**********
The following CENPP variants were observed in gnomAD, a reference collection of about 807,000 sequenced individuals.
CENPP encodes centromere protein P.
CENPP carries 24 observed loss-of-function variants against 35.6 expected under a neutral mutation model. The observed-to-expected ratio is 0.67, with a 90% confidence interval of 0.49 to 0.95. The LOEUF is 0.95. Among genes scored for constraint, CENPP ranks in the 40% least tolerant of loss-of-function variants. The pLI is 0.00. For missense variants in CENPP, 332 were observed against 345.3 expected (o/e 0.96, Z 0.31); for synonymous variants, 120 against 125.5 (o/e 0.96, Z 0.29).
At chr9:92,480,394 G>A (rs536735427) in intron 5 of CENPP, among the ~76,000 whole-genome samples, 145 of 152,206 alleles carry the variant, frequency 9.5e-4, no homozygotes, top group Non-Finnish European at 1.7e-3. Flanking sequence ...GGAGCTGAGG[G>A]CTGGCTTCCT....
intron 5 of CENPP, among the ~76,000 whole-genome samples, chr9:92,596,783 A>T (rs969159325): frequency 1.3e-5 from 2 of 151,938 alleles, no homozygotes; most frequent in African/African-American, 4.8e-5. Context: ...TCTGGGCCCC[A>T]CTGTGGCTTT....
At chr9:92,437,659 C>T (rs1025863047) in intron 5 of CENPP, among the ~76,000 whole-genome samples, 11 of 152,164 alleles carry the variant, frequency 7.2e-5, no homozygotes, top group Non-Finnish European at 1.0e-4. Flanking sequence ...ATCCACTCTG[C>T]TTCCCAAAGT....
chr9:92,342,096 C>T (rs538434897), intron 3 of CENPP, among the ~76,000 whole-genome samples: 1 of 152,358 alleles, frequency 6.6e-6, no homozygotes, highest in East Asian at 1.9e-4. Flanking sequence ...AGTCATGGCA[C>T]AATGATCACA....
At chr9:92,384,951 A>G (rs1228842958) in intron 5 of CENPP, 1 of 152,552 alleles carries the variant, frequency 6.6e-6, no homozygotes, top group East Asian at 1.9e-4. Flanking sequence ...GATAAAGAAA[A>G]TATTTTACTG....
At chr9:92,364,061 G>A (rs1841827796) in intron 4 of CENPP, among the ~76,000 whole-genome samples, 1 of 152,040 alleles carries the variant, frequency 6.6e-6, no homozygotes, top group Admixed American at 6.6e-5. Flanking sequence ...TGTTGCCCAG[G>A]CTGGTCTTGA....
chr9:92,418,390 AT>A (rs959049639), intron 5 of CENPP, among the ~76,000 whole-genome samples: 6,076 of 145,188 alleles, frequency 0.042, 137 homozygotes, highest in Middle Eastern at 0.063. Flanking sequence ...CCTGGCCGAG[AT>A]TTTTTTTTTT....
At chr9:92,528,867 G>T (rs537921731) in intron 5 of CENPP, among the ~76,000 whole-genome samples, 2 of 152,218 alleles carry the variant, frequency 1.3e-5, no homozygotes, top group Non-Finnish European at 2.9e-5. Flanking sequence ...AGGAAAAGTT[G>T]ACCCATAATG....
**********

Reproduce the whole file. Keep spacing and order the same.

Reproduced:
The following CENPP variants were observed in gnomAD, a reference collection of about 807,000 sequenced individuals.
CENPP encodes centromere protein P.
CENPP carries 24 observed loss-of-function variants against 35.6 expected under a neutral mutation model. The observed-to-expected ratio is 0.67, with a 90% confidence interval of 0.49 to 0.95. The LOEUF is 0.95. Among genes scored for constraint, CENPP ranks in the 40% least tolerant of loss-of-function variants. The pLI is 0.00. For missense variants in CENPP, 332 were observed against 345.3 expected (o/e 0.96, Z 0.31); for synonymous variants, 120 against 125.5 (o/e 0.96, Z 0.29).
At chr9:92,480,394 G>A (rs536735427) in intron 5 of CENPP, among the ~76,000 whole-genome samples, 145 of 152,206 alleles carry the variant, frequency 9.5e-4, no homozygotes, top group Non-Finnish European at 1.7e-3. Flanking sequence ...GGAGCTGAGG[G>A]CTGGCTTCCT....
intron 5 of CENPP, among the ~76,000 whole-genome samples, chr9:92,596,783 A>T (rs969159325): frequency 1.3e-5 from 2 of 151,938 alleles, no homozygotes; most frequent in African/African-American, 4.8e-5. Context: ...TCTGGGCCCC[A>T]CTGTGGCTTT....
At chr9:92,437,659 C>T (rs1025863047) in intron 5 of CENPP, among the ~76,000 whole-genome samples, 11 of 152,164 alleles carry the variant, frequency 7.2e-5, no homozygotes, top group Non-Finnish European at 1.0e-4. Flanking sequence ...ATCCACTCTG[C>T]TTCCCAAAGT....
chr9:92,342,096 C>T (rs538434897), intron 3 of CENPP, among the ~76,000 whole-genome samples: 1 of 152,358 alleles, frequency 6.6e-6, no homozygotes, highest in East Asian at 1.9e-4. Flanking sequence ...AGTCATGGCA[C>T]AATGATCACA....
At chr9:92,384,951 A>G (rs1228842958) in intron 5 of CENPP, 1 of 152,552 alleles carries the variant, frequency 6.6e-6, no homozygotes, top group East Asian at 1.9e-4. Flanking sequence ...GATAAAGAAA[A>G]TATTTTACTG....
At chr9:92,364,061 G>A (rs1841827796) in intron 4 of CENPP, among the ~76,000 whole-genome samples, 1 of 152,040 alleles carries the variant, frequency 6.6e-6, no homozygotes, top group Admixed American at 6.6e-5. Flanking sequence ...TGTTGCCCAG[G>A]CTGGTCTTGA....
chr9:92,418,390 AT>A (rs959049639), intron 5 of CENPP, among the ~76,000 whole-genome samples: 6,076 of 145,188 alleles, frequency 0.042, 137 homozygotes, highest in Middle Eastern at 0.063. Flanking sequence ...CCTGGCCGAG[AT>A]TTTTTTTTTT....
At chr9:92,528,867 G>T (rs537921731) in intron 5 of CENPP, among the ~76,000 whole-genome samples, 2 of 152,218 alleles carry the variant, frequency 1.3e-5, no homozygotes, top group Non-Finnish European at 2.9e-5. Flanking sequence ...AGGAAAAGTT[G>T]ACCCATAATG....